Present Perfect Continuous
“Every time there is a reproduction of something, there is a loss.”
The works of Shahryar Nashat ( born Teheran 1975, based in Berlin) oscillate between humour and metalanguage, materiality and intangibility. They're about our desire for art and its being sacred. Winner of the Lafayette Prize in 2013, the artist presented a solo exhibition at the Palais de Tokyo in 2014. He is currently a guest professor at the Pasadena Art Center College of Design for the academic year 2014-2015. Last year, on the occasion of the 8th Berlin Biennale, artist Shahryar Nashat debuted his frst feature-length flm, Parade, at the Delphi–Filmpalast, a local movie theater. The flm performed as a document of a 2013 ballet of the same title by Berlin-based choreographer Adam Linder, which takes its structure from Jean Cocteau’s original Parade from 1917. Nashat mediatizes Linder’s adaptation, directly addressing the liberties of the camera lens throughout its 40-minute duration. This act brings into question the now familiar, if not expected, media-based documentation of performance, including that of art, dance, music, and athletics. The expectation of media reproduction has become so common and rarely questioned that the “original” (document, form, action) no longer appears to be threatened by the potential of its eternally fuid afterlife. The issue with any transfer of form, however, is the inevitable result of a defciency. In a post-screening discussion of Parade at the Hammer Museum in Los Angeles, also marking its U.S. premiere, Nashat explains, “every time there is a reproduction of something, there is a loss.” In the case of this reproduction (or that of any reductive transfer of live action) the experience of the ballet has been captured, the feeting movements have been concretized, and any aspirations for authenticity or originality have dissolved into pixels. Enter: Plaque (Slab) (2007). The video opens with an interior shot of an industrial factory where a large concrete slab is slowly rising up from the ground with the assistance of a crane. The scene cuts, replaced by footage of a Glenn Gould television performance from 1964, which Nashat has intermittently sliced, resulting in the jerky, staggered movement of the pianist. The edited fow of content redirects the viewers’ attention to Gould’s set: six towering slabs of concrete fnished in faux-marble. The mammoth stature of the slabs formally anticipates a lack of heightened experience for the audience in the transfer from live performance to televised program; if the virtuosity of Gould’s performance is incompetently translated, his marble sidekicks are prepared to resolve the confusion. And though the slabs are the stagnant objects in this equation, is it possible that they, as forms on a screen, are more responsible for the animation and personifcation of Gould than Gould himself? Inversely, it is curious to consider if (A) the stationary objects within a frame and (B) the movement of a camera are equally infuential to our perception of a videotaped performance. In the video Factor Green (2011), a stagnant object becomes animated. Linder, opening as the protagonist, is seen vigorously slicing open a shipping box in the midst of a Tintoretto installation at the Accademia in Venice. From it emerges a chroma-key green block – a voided space that signifes the potential presence of both nothing and anything. Linder begins to interact with the object, using it as contemplative gallery seating and posing atop it with an unsteady grin. In the latter moment, the block assumes the role of a pedestal and Linder its sculpture. Eventually, the block is released into mid-air where it foats around a bit until fnally nestling underneath the dead body of St Mark depicted in a nearby painting, attempting (now independently) to play plinth to the depthless rendering. By the end of the video, the block takes over as the protagonist as Linder backs out of frame. Yet, the relationship remains clear: it was by the desire of Linder that the block was infused with presence. Desire, for Nashat, is a compulsory variable of art production. We desire for the cultural objects of our past and present to speak to us, to heighten our everyday, to assert our worth as intelligible beings. And to further our perception of these objects, we have come to develop and distribute a host of qualitative signifers, such as plinths, benches, partitions and signage. As in Factor Green, Linder is eager to ascribe such operative roles to his empty object. In a host of works, Nashat strategically recasts these familiar cultural signifers by recontextualizing them into artworks, usurping their previously subservient role. This formal emptying-out is most directly found in Nashat’s sculpture and photography. For Two Thighs Rooted in Marble (2010), its status as sculpture is made possible through its inability to operate as a pedestal. Two brass poles sealed into a solid marble cube await, or perhaps mourn, the sculptural legs that they have been designed to support. Yet, being an insular object in the context of art, the armature has ascended in cultural signifcance. One year later, Two Thighs Rooted in Marble was recontextualized into a C-print titled Photoscaled 3 (Yellow) – a stock image of the work against a primary yellow backdrop. Again, we are presented with a “loss.” The sculpture, though an original unto itself, is not an original unto the photograph; it is merely an imprint beholden to its context. To return to the beginning, the subject of the imprint is central to Nashat’s Parade. There is the obvious imprint of Cocteau’s original onto Linder’s adaptation, but in Nashat’s video the lineage of imprints (from ballet to ballet) is fragmented by the lineage of media, recasting the indexical marks of 1917 into the scrambled pixels of 2014. In the loss of physical presence, Nashat’s camera self-consciously compensates through its ability to enter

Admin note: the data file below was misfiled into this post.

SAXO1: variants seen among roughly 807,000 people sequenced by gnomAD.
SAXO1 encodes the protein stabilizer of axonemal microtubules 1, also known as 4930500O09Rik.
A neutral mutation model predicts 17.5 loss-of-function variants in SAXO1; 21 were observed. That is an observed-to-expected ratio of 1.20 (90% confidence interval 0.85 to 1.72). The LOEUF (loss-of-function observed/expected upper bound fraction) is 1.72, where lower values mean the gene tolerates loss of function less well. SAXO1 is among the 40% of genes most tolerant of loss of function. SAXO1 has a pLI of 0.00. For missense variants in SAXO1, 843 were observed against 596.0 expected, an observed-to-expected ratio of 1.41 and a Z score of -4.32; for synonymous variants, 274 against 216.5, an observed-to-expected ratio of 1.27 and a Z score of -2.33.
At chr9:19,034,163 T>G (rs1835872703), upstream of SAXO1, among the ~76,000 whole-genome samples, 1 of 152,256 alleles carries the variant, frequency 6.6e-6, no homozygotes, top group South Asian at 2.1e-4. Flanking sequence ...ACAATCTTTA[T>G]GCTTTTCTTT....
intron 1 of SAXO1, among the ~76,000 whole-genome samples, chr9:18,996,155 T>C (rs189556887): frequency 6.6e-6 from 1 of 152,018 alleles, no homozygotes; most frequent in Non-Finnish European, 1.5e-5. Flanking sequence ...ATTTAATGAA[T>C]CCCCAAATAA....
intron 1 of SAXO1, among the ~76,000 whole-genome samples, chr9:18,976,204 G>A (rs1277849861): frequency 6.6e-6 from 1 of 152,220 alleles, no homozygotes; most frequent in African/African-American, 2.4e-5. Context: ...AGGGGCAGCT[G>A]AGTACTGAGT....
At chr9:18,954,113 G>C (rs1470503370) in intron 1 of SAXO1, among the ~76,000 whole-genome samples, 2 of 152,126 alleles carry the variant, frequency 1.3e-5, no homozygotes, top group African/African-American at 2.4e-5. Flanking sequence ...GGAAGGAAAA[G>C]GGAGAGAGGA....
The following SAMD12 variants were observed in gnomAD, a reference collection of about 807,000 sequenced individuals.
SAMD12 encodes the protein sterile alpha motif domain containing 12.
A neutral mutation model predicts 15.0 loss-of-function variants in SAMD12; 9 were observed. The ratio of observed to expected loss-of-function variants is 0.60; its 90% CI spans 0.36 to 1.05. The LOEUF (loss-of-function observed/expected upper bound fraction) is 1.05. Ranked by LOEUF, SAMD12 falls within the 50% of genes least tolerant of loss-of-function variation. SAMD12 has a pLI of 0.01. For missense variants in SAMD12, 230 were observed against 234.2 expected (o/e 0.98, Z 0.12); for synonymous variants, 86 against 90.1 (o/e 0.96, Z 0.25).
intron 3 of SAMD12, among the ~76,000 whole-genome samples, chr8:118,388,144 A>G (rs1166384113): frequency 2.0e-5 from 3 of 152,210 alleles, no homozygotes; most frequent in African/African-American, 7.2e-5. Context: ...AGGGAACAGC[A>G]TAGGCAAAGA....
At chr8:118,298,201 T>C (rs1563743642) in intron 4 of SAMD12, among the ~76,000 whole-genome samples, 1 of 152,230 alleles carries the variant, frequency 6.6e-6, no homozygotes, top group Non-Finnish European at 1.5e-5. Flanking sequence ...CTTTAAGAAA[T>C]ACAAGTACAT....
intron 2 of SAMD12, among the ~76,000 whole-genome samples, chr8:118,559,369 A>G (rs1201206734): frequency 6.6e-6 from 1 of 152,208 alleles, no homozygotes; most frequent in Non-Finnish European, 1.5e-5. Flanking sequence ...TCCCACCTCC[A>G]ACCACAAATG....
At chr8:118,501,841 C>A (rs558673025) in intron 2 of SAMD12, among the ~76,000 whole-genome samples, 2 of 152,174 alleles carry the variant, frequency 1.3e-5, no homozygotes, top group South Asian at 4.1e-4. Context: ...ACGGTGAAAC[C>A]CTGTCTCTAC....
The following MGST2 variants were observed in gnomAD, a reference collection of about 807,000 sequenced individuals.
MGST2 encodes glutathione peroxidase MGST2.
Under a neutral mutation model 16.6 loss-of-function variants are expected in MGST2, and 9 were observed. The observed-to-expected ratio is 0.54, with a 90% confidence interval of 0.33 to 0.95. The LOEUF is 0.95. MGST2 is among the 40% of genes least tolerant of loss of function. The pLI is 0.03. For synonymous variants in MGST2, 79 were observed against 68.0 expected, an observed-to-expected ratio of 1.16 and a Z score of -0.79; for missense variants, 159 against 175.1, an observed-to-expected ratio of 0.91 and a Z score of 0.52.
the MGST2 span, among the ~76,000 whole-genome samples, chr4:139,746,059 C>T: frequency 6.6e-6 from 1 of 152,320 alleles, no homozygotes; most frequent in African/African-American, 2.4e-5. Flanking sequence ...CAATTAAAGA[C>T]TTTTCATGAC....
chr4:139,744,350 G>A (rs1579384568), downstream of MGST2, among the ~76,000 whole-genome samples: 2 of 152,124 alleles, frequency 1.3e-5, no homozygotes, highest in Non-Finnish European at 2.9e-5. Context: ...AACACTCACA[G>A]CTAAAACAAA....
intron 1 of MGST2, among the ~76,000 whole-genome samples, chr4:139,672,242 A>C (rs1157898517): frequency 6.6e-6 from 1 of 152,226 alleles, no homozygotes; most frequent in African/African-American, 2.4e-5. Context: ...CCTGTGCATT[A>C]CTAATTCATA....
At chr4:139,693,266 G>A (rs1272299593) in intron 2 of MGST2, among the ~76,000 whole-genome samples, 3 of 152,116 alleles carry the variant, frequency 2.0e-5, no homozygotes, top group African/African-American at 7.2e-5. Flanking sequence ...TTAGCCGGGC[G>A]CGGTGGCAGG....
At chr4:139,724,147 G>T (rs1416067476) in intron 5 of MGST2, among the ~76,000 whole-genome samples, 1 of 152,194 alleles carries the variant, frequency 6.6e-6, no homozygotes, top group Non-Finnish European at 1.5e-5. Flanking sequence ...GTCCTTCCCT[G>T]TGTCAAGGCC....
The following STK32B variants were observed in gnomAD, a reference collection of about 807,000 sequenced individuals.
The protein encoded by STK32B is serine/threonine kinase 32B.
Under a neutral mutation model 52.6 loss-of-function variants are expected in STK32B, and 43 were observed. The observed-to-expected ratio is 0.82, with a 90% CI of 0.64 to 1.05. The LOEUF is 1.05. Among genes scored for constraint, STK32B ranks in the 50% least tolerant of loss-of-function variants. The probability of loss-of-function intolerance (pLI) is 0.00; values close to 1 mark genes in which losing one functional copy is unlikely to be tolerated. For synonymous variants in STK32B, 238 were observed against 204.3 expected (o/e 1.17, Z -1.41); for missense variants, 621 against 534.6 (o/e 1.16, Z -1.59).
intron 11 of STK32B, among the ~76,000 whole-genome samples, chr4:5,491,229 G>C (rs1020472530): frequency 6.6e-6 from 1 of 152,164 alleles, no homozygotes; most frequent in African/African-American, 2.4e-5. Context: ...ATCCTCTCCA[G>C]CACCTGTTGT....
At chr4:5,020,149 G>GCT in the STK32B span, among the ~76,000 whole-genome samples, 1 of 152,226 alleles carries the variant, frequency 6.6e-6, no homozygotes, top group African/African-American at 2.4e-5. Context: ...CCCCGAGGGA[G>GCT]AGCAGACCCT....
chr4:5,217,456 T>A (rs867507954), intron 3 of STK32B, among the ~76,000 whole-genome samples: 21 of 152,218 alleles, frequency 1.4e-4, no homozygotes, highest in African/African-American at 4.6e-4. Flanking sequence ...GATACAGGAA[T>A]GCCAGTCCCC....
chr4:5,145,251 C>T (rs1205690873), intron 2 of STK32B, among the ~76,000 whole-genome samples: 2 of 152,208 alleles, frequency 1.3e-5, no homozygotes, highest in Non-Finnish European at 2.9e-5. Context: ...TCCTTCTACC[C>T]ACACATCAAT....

the privileged status of the stage. The audience has gained a sort of liberated access; it is alongside the action onstage – zoomed in, backstage with Linder, and at one point looking ofstage towards the traditional location of an audience (but here, the rows of theater seats are empty, signaling that the new audience is in fact viewing the flm) – and able to view the captured material of the camera again, elsewhere, endlessly. However, the chosen method of any presentation, from the installation of a sculpture in a gallery to the portrayal of a performance in a video, is a product of current desire – an assembly of decisions at play with the tipping scale of loss and gain. How have we enacted the articles of our past into the present? As highlighted in the work of Nashat, by studying how the present manages its inescapable imprints of the past, it is possible to identify and ultimately become critical of the cultural desires of our time.